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June 28, 2006

Asparagustatory delight: wild asparagus two ways

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My love for the St. Lawrence Market is boundless, but I'm the first to admit it has its faults.  Perhaps the most glaring is that, despite two floors of greengrocers, butchers, bakers, fishmongers, and other purveyors of delicious foods, there are few organics on offer.

I know this sounds odd coming from someone whose pantry includes such earthly delights as calcium chloride, but I'm really quite sincere.  Given the choice, I prefer using organic products.  I'd like to think there are countless others in Toronto who feel the same, but the dearth of organic vendors in the market leads me to think otherwise.

If you go to the market looking for organic produce, for example, there is only one option: Golden Orchard Find Foods.

As something of a regular, I've begun to develop a relationship with the people there.  That's important, and not because I'm looking for a discount.  What I'm really after is a chance to get my hands on their highest quality and rarest ingredients.  That's why the first thing I do after work every Friday is head to the market to see what special items are going to be available that weekend.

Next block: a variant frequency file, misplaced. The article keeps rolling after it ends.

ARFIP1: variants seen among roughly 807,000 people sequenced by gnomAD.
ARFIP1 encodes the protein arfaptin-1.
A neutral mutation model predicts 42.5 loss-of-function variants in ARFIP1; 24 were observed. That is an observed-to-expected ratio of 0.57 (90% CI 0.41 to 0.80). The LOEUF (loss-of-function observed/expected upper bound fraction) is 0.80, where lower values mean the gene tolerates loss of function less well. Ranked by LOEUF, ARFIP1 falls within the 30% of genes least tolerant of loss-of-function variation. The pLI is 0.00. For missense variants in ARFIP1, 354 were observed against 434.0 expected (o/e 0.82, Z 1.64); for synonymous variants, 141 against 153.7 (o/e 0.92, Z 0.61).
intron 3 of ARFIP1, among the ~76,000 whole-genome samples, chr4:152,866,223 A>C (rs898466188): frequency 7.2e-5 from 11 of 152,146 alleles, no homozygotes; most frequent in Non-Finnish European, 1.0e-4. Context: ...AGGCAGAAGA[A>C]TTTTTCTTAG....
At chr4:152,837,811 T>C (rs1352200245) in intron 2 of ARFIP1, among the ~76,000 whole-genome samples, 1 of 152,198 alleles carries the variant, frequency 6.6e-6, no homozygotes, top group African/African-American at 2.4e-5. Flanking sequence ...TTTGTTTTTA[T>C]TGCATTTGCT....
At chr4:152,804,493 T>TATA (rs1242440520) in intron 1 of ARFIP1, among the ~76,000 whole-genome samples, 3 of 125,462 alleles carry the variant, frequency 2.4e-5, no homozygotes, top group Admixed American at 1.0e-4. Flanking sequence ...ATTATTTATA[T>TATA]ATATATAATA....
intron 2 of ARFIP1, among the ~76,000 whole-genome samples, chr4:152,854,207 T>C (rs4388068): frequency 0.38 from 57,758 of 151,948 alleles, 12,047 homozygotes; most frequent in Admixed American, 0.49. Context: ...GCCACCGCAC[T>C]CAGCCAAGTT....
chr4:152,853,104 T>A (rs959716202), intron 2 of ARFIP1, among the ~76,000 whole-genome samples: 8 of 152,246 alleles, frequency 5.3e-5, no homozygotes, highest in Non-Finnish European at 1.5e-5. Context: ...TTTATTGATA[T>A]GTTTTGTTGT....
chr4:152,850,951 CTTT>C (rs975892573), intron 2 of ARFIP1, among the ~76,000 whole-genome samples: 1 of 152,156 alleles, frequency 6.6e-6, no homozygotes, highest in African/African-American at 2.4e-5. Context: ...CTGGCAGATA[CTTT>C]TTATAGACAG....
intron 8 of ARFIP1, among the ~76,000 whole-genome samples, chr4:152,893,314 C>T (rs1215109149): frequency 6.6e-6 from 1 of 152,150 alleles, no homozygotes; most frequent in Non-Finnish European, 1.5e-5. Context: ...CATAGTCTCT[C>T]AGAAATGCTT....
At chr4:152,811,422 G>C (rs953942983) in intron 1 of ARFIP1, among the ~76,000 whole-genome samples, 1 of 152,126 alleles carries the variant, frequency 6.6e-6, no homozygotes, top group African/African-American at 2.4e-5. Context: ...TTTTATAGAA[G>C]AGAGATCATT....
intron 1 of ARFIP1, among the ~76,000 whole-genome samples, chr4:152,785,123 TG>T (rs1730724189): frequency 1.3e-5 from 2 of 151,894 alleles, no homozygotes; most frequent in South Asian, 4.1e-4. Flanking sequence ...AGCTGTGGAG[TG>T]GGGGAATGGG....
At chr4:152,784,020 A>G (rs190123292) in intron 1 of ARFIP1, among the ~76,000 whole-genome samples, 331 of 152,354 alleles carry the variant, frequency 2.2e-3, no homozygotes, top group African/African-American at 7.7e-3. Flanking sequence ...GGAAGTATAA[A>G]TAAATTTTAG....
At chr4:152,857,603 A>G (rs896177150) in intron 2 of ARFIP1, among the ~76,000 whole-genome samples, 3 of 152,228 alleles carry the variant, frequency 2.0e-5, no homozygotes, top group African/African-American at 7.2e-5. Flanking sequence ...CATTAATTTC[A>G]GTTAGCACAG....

Sometimes it works out nicely.  Like the Friday a few weeks ago when I asked what interesting items were going to be available the next day and was promptly shown a large box of wild asparagus.  My eyes almost popped out of my head.  Here was an ingredient I'd never seen for sale in Toronto.  At almost ninety dollars per kilo it wasn't cheap, but I was quick to buy a large bag of it.

What to do with it was a dilemma.

The taste of wild asparagus is best described as "delicate," but let's be honest, that's often culinary shorthand for bland or weakly flavoured.  Those accustomed to the pungency of cultivated asparagus might be disappointed.  In our kitchen, we like to pair lighter ingredients with bolder partners, and there's no better vehicle for doing this than risotto.

The key to staple Italian dishes like risotto, polenta, and pasta is that they provide a meaningful background for so many other flavours and textures.  In order to give our risotto more flavour we turned to another spring jewel: morel mushrooms. The combination of sautéed morels and wild asparagus was good -- earthy, grassy, and complex -- but I have to admit a little disappointment.    This risotto needed something more, something rich.  Next time I might try adding a little veal demi-glace to the risotto at the very end.